“… George states his belief that you should go to your studio every day, and if inspiration doesn’t arrive, ‘sharpen your pencils’ until it does.”
From a Stephen Holder review of the film “The Woodmans” in the January 19, 2011 issue of The New York Times (referring to artist George Woodman).
I just read a woman’s memoir that did not involve exotic food eaten in an exotic location in between bouts of exotic sex with an exotic recent acquaintance, which seems to be a common memoir-theme lately.
“Poser: My Life in Twenty-three Yoga Poses,” by Claire Dederer, takes an unusual, in fact unique, approach. The sub-title says it all — Ms. Dederer’s idea is that her life story can be told through the story of her yoga practice. She reflects on how 23 key poses mirror or illuminate or challenge what is going on in her life. She intertwines stories and reflections about her childhood, her parents, her brother, her friends, her writing career, her marriage, her children, her life in Seattle and so on, with lessons about yoga practice and history. She does this seamlessly, and my interest never flagged. Her idea plays out beautifully.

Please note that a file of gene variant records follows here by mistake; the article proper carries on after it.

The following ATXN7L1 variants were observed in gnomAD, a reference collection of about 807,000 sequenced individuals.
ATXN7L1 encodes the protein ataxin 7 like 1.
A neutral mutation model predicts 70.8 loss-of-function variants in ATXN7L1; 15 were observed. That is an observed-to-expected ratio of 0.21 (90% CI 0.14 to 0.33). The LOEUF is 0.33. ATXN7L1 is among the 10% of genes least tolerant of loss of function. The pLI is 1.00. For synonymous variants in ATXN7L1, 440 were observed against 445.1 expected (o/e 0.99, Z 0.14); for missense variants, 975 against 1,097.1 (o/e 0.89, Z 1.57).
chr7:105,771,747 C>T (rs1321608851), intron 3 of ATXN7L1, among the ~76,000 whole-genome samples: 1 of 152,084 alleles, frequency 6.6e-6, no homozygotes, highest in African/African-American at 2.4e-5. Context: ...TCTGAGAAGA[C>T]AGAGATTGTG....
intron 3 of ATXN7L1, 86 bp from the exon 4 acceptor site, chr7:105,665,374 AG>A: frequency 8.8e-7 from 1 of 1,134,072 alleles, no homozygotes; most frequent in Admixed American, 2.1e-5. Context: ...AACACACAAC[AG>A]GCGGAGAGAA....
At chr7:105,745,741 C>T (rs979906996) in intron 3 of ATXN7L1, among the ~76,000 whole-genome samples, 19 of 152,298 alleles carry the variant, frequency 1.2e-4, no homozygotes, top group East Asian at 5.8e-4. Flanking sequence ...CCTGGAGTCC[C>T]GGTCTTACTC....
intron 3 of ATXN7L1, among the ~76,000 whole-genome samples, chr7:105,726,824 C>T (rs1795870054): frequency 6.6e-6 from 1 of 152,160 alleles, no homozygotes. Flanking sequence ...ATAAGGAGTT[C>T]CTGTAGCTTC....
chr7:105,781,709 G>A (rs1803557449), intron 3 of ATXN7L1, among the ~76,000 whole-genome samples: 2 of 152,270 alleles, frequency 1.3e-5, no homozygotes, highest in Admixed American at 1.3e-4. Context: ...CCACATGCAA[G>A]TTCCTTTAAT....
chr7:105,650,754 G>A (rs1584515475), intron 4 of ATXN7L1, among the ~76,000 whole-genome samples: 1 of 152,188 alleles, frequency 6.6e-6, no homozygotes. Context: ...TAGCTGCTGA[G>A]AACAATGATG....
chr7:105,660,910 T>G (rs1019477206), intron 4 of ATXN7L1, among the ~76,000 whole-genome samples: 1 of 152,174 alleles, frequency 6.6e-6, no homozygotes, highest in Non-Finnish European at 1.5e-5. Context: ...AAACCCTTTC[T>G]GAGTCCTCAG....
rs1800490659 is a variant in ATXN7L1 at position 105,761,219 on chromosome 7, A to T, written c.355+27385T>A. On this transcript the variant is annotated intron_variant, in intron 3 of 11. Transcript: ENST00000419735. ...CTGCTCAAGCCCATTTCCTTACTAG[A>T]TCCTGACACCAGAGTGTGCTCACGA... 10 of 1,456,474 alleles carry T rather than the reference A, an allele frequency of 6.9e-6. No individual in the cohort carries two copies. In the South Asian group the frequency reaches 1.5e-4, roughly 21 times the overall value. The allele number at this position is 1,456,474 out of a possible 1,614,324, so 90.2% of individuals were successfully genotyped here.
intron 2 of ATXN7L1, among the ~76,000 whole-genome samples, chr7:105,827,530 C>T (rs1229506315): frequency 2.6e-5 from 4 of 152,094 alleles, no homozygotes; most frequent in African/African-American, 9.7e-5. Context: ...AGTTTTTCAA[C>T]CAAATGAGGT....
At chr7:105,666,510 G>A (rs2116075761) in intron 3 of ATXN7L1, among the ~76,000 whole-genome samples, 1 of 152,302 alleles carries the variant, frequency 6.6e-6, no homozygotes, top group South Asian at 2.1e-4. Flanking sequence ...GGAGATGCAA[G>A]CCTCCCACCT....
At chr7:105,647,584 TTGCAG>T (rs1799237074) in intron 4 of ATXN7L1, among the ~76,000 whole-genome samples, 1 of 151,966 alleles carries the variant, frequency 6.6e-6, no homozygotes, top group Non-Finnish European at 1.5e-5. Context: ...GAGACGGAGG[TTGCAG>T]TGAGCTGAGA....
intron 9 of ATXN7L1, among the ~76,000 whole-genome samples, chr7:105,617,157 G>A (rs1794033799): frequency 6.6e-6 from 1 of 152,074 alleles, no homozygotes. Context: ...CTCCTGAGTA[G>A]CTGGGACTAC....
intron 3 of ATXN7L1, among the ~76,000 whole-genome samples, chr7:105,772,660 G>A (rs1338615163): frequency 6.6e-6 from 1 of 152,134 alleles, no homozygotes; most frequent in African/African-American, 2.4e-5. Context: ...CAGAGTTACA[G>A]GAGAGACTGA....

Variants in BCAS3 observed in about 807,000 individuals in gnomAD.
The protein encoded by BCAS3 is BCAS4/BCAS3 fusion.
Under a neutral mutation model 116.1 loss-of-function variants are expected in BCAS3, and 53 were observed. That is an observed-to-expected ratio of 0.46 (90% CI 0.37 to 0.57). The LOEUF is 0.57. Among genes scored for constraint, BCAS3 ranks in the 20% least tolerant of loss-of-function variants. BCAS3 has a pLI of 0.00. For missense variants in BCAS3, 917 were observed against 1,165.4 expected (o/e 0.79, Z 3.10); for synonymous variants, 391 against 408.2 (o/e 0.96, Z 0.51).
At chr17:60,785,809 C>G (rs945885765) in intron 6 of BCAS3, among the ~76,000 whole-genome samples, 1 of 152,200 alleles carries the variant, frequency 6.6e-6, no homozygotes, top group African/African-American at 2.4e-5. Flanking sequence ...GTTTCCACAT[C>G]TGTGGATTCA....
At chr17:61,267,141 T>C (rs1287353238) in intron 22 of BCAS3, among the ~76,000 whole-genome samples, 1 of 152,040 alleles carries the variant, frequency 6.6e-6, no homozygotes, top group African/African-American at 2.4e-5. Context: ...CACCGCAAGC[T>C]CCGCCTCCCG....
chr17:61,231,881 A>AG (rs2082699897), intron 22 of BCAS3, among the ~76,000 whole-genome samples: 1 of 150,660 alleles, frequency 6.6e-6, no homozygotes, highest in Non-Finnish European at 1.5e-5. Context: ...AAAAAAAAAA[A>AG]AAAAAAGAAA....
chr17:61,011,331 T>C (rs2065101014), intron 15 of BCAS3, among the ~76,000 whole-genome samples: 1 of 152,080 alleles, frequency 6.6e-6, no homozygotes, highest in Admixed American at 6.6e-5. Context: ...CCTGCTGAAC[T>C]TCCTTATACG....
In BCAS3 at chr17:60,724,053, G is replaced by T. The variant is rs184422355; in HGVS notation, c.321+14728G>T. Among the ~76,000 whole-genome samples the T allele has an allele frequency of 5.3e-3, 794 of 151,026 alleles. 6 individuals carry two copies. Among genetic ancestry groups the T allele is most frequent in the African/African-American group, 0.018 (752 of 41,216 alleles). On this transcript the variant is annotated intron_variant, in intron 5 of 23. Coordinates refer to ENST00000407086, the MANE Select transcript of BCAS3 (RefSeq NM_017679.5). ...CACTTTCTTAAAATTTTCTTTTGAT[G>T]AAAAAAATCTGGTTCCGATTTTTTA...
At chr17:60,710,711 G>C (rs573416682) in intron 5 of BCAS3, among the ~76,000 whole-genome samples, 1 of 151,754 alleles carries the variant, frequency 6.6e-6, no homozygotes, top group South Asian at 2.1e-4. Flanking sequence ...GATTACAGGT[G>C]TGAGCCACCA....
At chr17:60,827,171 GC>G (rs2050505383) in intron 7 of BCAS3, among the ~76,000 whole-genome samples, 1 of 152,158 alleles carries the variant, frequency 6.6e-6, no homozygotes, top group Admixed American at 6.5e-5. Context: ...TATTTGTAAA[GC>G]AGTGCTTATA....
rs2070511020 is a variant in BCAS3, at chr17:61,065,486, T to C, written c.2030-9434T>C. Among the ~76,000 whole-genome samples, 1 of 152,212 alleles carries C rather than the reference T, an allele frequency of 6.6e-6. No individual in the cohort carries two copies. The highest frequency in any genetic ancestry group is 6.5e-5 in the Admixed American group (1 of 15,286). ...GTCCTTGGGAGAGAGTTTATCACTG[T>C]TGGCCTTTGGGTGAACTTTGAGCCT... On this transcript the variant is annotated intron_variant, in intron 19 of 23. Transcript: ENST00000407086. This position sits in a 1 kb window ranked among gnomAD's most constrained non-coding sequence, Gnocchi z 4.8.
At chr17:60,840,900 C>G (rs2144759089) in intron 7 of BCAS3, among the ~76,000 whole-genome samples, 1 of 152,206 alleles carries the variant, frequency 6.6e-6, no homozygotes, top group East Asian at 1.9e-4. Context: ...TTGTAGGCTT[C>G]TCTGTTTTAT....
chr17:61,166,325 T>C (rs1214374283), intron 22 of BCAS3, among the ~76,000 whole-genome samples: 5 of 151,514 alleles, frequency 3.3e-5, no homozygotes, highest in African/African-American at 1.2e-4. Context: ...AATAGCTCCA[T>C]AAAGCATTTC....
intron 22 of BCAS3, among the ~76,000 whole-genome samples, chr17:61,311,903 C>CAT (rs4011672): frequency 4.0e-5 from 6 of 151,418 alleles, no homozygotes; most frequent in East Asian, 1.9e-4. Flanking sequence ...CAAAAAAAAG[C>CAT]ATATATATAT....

In addition to reading the book, I also listened to it on CD. I wanted to compare and contrast the two “delivery methods,” and I found that both were equally effective.
The letters published in The New York Times in response to the February 28, 2011, tongue-in-cheek op-ed about fooling around with the calendar so that poor little February has 30 or 31 days, like all the other months, were unanimously against the idea.
Almost made me wish I had written one, too. I’m against the idea. February’s 28 days = four perfect weeks. And this means that my February birthday’s numerical date occurs on the same day again in March — sort of like another birthday! Ever since I was a little girl, I’ve enjoyed this fun fact and will support nothing that might change it. (And yes, I know this doesn’t work in a leap year.)
As an artist, I particularly enjoyed this line from Michael Tenzer’s letter: “The magnificent asymmetry of 28 in a sea of 30s and 31s is our first lesson in the essence of art.”
“‘We thought there was a bit of a gap, especially in the area of non-alcoholic beverage options made from fresh fruit,’ she says.”
From “A Chemist, an Artist and a Lot of Fizz,” by Natasha Singer in the March 6, 2001 issue of The New York Times (quoting day-job artist Carline Mak on why she, along with day-job chemist Antonio Ramos, started their new non-day-job venture, Brooklyn Soda Works, dedicated to developing and making limited-edition, carbonated, non-alcoholic, non-caffeinated, artisinal, fruit-juice-based sodas).
“The capacity to create and understand the meaning of ideas is considered to be an essential and defining feature of human beings.”
From the Wikipedia definition of “idea.”